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Writing UTF8 Filename

by amiribarksdale (Acolyte)
on Nov 16, 2007 at 22:31 UTC ( #651331=perlquestion: print w/ replies, xml ) Need Help??
amiribarksdale has asked for the wisdom of the Perl Monks concerning the following question:

Hey folks: I am trying to write a utf8 filename with mv, and I don't seem to be able to do it. Here is the command: system( "/bin/mv", "/tmp/$stitle", "home/web/htdocs/music/$musicdir/$title"); $title is a utf8 string with diacritical marks. Any tips? Amiri

Comment on Writing UTF8 Filename
Re: Writing UTF8 Filename
by Juerd (Abbot) on Nov 16, 2007 at 22:44 UTC

    Have you properly encoded $stitle, $musicdir, and $title?

    Juerd # { site => 'juerd.nl', do_not_use => 'spamtrap', perl6_server => 'feather' }

      Well, I am unsure about what you mean by properly encoding them. The variables write fine into MySQL and into the web pages I am producing. Just not to the actual file. For instance, further above in the subroutine, I utf_escape($title), because I do some processing on the file before I save it, and the program I use doesn't like funny names. But I figured there should be no problem writing the filename, because my filesystem can certainly handle utf8. But perl/mv seem not to be able to write it directly. Amiri

        Well, I am unsure about what you mean by properly encoding them.

        Then you very probably haven't. Please read the Perl Unicode Tutorial at http://tnx.nl/perlunitut and update your program. Perl's unicode support goes much deeper than just allowing byte strings, and typically means you have to change your input and output routines.

        Juerd # { site => 'juerd.nl', do_not_use => 'spamtrap', perl6_server => 'feather' }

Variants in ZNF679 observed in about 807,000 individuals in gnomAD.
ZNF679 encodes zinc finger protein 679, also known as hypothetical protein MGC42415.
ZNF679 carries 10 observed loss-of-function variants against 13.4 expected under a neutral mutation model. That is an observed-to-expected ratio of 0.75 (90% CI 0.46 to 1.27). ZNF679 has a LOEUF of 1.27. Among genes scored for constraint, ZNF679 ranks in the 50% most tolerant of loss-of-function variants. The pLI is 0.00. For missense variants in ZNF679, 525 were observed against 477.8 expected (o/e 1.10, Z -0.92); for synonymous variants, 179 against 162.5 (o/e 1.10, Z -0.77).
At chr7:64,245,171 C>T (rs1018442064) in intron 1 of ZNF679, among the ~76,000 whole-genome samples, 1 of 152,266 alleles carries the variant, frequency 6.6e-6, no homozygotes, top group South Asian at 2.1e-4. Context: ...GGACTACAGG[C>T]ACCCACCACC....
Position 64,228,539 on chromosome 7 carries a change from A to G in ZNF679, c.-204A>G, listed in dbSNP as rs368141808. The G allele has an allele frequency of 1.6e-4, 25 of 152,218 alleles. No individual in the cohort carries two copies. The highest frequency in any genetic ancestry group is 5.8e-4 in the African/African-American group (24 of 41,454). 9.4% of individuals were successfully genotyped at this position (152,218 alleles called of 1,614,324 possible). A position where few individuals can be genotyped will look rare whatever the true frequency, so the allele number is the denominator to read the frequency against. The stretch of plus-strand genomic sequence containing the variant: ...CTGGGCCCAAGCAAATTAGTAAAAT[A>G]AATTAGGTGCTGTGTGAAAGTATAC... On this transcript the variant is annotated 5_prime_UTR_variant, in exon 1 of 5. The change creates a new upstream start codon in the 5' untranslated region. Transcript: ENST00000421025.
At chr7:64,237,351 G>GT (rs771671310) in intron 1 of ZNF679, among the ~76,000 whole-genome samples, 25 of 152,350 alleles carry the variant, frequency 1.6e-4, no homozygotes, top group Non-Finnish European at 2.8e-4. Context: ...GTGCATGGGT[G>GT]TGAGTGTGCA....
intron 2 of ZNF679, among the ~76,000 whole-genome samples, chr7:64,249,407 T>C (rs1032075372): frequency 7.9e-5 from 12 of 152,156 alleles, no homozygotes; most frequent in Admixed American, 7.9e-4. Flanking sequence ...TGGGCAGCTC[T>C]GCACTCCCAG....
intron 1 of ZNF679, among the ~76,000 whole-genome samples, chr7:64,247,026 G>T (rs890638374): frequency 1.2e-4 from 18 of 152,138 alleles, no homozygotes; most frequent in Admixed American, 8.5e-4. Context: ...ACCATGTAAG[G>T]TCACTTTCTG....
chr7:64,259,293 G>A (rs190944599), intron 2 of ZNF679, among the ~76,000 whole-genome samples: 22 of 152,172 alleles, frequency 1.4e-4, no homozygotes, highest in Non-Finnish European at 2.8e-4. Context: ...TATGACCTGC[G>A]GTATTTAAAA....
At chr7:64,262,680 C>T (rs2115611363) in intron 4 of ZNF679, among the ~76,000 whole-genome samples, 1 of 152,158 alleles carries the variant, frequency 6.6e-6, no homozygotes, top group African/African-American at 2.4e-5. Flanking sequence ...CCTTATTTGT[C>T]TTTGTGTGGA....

Re: Writing UTF8 Filename
by graff (Chancellor) on Nov 17, 2007 at 00:05 UTC
    I am trying to write a utf8 filename with mv...

    Why? Let me suggest that unless you have a really, seriously, inescapably unavoidable and compulsory reason for doing this, you would be much better off not doing it. Just don't.

    The current state of support for non-ASCII characters in file names is not what I would call "stable" (or "sane" or "worth the hassle"). It is likely to vary in significant and perplexing ways across various (versions of) operating systems and file/text transfer protocols. Even on a single system where non-ASCII file names seem to "work", you are likely to discover a crippling amount of "variability" among various applications currently running on that system in terms of how (or whether) they deal with non-ASCII characters in file names.

    If you are just trying to spruce up the appearance of your music collection, use a database or XML structure that relates sensible (ASCII-only) file names to whatever sort of strings you want to see as the list of files.

    If you actually do believe there is an unavoidable, compulsory need for this, try to think of a work-around that involves using ASCII-only strings. If you can't... well, perhaps other replies here will help, but the solution may be OS dependent, and you might regret it later. Good luck.

    (BTW, you might find it easier to use the perl built-in function "rename" -- it saves you from worrying about what happens to non-ASCII data being passed as command-line args to a sub-shell.)

      (BTW, you might find it easier to use the perl built-in function "rename" -- it saves you from worrying about what happens to non-ASCII data being passed as command-line args to a sub-shell.)

      Yeah, instead of worrying about what happens if you do a system call, you now have to worry about what happens if you do a system call. The same thing happens: latin1 or utf8 encoding may be used, depending on the circumstances. Thus: encode explicitly.

      Juerd # { site => 'juerd.nl', do_not_use => 'spamtrap', perl6_server => 'feather' }

        Thank you all for your responses.

        Juerd, I am wondering what you mean when you keep saying "encode explicitly":

        The unicode strings I am trying to set as the filename are encoded as utf8 from a web form. They go into the utf8-character-set encoded mysql database. They display properly on the web form. What step for encoding explicitly could I be missing? It seems to me that they begin life as utf8 and they stay that way. How do I get more explicit?

      The current state of support for non-ASCII characters in file names is not what I would call "stable" (or "sane" or "worth the hassle").
      Simply name it: it's non-existent.

      Maybe we'll have encoded filenames support in perl 5.12?

        Maybe we'll have encoded filenames support in perl 5.12?

        My "current state of support" comment was a reference to OS-level issues (on whatever OS). I would not expect such support from perl any time soon, given that there is no consistent form of OS support.

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